ALA needs to be converted to DHA and EPA before the body can use it.27 Our bodies convert ALA to the other omega-3s at a very low rate. For this reason, fatty cold-water fish are the best source of omega-3s for our body to use.6

DHA and EPA can also be gotten from algae supplements, from eating seaweed, or from DHA fortified foods (such as DHA fortified plant-based milk alternatives) should you be avoiding animal products for dietary reasons.28,29

Saturated fat

Saturated fats are solid at room temperature (example: butter), and often come from animal sources.15

Saturated fats are linked to an increase in “bad” cholesterol and too much may increase your risk for heart disease.15

  • Food sources of saturated fat: Red meat, butter, cheese, ice cream, highly processed foods, fried foods, baked goods, coconut oil, and palm oil.15

Note that coconut oil has risen in popularity in recent years due to its unique chemical composition. Coconut oil is particularly rich in lauric acid, a fatty acid that can help raise “good” cholesterol, however, its saturated fat content can still raise “bad” cholesterol as well.16

Sufficient evidence does not exist to show that coconut oil is more healthful or better for you than any other saturated fat, so just as with all saturated fats, coconut oil should be consumed in moderation.16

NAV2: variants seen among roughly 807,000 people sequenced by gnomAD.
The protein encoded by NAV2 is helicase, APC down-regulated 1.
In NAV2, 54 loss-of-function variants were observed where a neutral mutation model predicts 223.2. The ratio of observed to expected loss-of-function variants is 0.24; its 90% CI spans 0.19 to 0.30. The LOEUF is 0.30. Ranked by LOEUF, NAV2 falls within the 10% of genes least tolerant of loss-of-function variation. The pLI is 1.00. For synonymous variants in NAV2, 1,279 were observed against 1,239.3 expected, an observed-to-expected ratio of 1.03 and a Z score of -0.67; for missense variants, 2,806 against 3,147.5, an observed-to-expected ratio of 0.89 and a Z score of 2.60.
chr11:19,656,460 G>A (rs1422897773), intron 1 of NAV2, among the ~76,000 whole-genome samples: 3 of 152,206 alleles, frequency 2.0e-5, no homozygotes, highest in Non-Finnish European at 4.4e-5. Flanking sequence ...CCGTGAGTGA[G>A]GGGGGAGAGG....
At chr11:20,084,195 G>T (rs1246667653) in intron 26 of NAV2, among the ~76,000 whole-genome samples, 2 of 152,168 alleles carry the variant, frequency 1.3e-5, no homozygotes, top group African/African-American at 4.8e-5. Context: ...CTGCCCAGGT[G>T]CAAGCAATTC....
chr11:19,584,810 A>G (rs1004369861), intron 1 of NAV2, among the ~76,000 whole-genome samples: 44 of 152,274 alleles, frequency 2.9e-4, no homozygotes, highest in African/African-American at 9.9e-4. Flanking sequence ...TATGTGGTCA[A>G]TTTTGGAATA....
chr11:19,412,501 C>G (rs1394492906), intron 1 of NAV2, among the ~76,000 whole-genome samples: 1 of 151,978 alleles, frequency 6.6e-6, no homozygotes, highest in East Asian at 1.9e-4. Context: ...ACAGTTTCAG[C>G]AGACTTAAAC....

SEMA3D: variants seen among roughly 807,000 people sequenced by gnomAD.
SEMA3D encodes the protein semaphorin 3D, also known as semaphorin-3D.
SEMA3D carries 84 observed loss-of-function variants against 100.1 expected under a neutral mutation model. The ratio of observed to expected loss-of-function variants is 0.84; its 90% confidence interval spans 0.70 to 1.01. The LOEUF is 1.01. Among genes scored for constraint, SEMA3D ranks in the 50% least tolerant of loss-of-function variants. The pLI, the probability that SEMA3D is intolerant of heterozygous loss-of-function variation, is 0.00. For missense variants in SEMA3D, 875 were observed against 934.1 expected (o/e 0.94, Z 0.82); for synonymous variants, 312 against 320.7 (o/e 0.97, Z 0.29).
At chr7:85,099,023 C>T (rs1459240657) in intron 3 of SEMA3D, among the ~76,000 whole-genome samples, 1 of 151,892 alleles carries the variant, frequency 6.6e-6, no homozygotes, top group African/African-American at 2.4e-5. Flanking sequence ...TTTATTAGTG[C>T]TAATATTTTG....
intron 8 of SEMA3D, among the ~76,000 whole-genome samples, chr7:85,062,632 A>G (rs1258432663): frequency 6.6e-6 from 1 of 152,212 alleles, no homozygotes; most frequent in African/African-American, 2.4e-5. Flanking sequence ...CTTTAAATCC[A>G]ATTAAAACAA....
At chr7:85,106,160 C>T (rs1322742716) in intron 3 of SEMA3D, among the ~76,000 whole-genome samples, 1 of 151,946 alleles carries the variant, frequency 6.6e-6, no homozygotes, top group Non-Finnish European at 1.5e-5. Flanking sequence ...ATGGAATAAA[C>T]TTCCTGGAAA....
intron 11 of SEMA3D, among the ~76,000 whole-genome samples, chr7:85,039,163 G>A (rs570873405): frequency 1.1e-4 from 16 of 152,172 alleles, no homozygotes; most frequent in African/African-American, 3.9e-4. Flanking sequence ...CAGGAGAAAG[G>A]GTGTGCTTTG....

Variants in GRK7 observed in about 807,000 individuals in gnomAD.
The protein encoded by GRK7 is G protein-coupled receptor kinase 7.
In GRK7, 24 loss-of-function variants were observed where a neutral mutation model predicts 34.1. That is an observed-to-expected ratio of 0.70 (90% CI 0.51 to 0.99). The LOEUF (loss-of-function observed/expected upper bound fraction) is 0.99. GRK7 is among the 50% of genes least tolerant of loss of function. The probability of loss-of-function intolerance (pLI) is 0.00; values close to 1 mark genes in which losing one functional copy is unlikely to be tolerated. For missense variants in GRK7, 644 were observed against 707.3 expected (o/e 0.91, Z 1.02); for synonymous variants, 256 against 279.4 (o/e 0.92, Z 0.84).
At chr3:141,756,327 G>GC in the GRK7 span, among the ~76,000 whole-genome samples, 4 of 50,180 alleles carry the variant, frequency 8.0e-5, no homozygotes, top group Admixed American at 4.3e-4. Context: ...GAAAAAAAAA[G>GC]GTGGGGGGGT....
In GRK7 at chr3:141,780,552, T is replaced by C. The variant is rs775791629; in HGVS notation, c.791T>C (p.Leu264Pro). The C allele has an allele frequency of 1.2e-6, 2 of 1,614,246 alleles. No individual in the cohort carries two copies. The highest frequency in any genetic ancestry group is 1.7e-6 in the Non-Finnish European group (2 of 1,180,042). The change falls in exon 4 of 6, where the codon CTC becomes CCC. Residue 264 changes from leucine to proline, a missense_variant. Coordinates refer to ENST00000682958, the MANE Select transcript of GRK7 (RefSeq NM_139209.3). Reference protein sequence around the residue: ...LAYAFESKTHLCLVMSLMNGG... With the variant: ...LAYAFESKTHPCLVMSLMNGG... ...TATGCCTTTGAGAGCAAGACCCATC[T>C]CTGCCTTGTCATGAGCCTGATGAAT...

Trans fat

Trans fats are man-made fats that take a good unsaturated fat and make it solid by a process called hydrogenation. This is often done to lengthen the shelf life of a food product.4

Unfortunately, this process creates fats that are unhealthy for the body. Consumption of trans fats may increase triglycerides and “bad” cholesterol, as well as decrease “good” cholesterol, all of which may contribute to poor heart health.17

  • Food sources of trans fats: Shortening, margarine; processed baked goods such as cookies, cakes, pie crust, and doughnuts; fast foods, some nondairy creamers, some peanut butters, and some brands of microwaveable popcorn.17

You’ll know a food has trans fats in it if you find ‘partially hydrogenated oil’ in the ingredient list.17

Dietary cholesterol

Cholesterol is a waxy substance made in our bodies naturally and also found in food.22 The cholesterol that comes from food, or dietary cholesterol, is found in animal-based foods like meat, poultry, dairy and eggs.23

While those with heart disease or diabetes should still be mindful of their portions of high-cholesterol foods, it’s actually the refined carbohydrates (think processed grains and sugar) and excess saturated fats found foods that have the potential to raise your blood cholesterol levels much more so than eating foods that contain cholesterol itself.24

Tips on getting more beneficial fats in your and your child’s diet

Offer your child high quality fat sources

Fat is important for your child’s development, so do not restrict fat in your child’s diet until after the age of 2.9,10 This means that if your child transitions from breastmilk or formula to cow’s milk, choose whole fat varieties of milk and other dairy products unless otherwise directed by your healthcare provider.9,10

Offer plenty of mono- and polyunsaturated fats (altered to the appropriate texture), such as fish, eggs, nut and seed butters*, and avocado, all in a texture and size your child can handle.

Remember that whole nuts and seeds are a choking hazard for children under the age of 4.11

After age 2, your child should be following the same healthy dietary pattern as you: rich in whole grains, fruits, vegetables, low-fat dairy, and other protein-rich foods along with high quality fats in moderation.9